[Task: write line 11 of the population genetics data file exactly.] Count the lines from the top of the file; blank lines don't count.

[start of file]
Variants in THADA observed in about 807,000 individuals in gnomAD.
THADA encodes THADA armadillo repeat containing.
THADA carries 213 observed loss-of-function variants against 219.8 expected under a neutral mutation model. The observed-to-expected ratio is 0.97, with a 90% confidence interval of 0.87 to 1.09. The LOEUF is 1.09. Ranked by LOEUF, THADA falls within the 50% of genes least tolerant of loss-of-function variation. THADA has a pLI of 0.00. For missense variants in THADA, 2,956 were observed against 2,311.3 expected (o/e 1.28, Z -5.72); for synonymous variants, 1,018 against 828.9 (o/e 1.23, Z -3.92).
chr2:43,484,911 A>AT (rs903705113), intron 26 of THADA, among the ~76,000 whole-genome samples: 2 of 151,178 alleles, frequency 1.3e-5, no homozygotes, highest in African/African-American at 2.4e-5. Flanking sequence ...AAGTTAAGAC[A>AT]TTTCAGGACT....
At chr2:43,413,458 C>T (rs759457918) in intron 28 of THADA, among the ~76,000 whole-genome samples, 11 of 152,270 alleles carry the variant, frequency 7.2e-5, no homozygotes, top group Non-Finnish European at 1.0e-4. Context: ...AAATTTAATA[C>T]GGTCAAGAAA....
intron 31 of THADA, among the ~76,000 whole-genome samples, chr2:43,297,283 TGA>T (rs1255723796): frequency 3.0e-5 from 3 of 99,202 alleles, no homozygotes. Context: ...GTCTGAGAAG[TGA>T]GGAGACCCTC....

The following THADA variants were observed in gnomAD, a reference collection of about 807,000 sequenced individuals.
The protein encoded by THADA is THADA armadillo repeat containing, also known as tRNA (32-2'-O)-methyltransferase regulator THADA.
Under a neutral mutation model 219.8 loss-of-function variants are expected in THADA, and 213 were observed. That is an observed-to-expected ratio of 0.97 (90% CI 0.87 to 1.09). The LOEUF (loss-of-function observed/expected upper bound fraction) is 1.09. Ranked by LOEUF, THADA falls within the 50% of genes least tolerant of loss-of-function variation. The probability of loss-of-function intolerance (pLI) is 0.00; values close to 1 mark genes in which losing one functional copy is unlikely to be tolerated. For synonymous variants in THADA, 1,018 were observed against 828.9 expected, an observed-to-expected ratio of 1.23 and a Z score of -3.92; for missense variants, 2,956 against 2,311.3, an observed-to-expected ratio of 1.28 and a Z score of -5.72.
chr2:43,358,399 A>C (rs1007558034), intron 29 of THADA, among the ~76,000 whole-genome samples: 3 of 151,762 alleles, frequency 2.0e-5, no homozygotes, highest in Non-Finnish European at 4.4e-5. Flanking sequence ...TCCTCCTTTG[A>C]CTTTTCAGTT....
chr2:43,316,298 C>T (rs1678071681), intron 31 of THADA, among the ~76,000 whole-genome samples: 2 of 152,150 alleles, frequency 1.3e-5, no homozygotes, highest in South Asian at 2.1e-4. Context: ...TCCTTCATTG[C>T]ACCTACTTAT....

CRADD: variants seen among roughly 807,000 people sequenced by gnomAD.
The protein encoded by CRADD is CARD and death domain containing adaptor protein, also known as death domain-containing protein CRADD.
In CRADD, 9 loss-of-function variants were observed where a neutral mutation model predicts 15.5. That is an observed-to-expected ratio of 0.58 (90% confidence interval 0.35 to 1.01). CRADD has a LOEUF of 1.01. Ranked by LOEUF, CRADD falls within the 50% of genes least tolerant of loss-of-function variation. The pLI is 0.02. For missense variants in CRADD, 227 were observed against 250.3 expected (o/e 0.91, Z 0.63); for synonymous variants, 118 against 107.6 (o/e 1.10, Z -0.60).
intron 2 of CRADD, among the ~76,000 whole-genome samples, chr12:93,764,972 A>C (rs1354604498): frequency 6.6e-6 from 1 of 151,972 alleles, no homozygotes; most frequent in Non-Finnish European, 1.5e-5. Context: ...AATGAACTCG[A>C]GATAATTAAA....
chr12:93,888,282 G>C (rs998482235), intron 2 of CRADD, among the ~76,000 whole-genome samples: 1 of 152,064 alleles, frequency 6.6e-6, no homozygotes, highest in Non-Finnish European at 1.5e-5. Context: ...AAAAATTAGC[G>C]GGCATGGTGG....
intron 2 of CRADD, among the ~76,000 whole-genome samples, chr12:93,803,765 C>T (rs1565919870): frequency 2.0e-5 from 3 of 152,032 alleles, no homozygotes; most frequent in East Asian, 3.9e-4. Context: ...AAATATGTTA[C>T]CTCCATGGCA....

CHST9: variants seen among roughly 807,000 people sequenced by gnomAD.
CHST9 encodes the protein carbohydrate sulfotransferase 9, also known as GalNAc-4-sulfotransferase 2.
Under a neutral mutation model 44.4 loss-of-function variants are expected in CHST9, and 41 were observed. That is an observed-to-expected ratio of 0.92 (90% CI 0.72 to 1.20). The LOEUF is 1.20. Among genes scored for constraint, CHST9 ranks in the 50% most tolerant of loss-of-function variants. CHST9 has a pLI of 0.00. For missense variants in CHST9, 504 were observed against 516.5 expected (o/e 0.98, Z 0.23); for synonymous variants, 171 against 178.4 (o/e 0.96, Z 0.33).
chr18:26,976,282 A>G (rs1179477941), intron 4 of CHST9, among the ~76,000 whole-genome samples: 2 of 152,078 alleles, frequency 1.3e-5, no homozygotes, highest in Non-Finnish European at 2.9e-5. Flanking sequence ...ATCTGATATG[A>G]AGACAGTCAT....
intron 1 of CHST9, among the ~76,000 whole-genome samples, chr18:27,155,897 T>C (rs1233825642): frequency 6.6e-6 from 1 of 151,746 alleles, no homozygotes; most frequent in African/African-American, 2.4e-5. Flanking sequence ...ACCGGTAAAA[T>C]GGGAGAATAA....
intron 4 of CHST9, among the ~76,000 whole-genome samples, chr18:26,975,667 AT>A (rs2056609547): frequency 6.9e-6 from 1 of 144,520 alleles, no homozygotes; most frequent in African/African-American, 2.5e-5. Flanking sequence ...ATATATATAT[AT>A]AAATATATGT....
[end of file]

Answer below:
chr2:43,316,298 C>T (rs1678071681), intron 31 of THADA, among the ~76,000 whole-genome samples: 2 of 152,150 alleles, frequency 1.3e-5, no homozygotes, highest in South Asian at 2.1e-4. Context: ...TCCTTCATTG[C>T]ACCTACTTAT....